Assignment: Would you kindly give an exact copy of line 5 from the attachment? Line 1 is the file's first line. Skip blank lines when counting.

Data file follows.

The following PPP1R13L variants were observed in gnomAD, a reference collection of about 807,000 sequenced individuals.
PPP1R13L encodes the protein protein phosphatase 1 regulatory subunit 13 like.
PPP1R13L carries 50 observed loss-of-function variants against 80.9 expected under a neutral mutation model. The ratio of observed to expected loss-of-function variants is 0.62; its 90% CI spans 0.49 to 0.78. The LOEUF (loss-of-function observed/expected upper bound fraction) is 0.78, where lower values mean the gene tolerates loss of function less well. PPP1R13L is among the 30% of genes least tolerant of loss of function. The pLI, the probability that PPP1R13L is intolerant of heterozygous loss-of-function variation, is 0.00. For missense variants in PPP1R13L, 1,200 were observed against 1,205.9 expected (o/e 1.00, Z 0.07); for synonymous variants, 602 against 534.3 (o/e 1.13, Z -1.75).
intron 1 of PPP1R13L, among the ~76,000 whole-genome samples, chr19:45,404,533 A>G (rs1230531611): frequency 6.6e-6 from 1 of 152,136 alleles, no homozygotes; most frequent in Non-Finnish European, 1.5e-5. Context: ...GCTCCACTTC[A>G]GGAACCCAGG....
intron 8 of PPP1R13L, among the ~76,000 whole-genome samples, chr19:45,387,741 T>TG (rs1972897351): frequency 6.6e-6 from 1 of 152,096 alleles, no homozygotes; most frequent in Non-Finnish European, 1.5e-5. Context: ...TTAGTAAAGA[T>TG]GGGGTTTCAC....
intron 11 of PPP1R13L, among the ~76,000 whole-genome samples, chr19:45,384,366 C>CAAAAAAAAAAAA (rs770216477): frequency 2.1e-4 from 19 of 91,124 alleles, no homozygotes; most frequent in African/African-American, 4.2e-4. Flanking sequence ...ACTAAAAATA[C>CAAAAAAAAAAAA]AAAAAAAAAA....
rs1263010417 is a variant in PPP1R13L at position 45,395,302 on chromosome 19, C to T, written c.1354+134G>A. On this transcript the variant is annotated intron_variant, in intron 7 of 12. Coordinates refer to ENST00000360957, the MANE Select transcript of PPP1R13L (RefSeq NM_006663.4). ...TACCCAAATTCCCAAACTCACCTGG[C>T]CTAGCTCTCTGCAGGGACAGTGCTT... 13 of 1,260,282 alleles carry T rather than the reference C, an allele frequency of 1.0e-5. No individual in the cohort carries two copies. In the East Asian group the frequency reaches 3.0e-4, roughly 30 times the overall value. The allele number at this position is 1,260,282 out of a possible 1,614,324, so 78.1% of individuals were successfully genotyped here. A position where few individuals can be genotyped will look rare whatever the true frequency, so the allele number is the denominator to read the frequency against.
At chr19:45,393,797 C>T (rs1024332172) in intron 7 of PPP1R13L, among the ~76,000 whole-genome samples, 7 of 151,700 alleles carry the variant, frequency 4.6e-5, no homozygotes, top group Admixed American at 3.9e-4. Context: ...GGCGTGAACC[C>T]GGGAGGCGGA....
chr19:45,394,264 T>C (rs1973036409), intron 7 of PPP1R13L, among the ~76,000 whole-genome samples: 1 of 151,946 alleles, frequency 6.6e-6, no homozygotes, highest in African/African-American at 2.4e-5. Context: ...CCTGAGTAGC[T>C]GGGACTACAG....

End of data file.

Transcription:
intron 8 of PPP1R13L, among the ~76,000 whole-genome samples, chr19:45,387,741 T>TG (rs1972897351): frequency 6.6e-6 from 1 of 152,096 alleles, no homozygotes; most frequent in Non-Finnish European, 1.5e-5. Context: ...TTAGTAAAGA[T>TG]GGGGTTTCAC....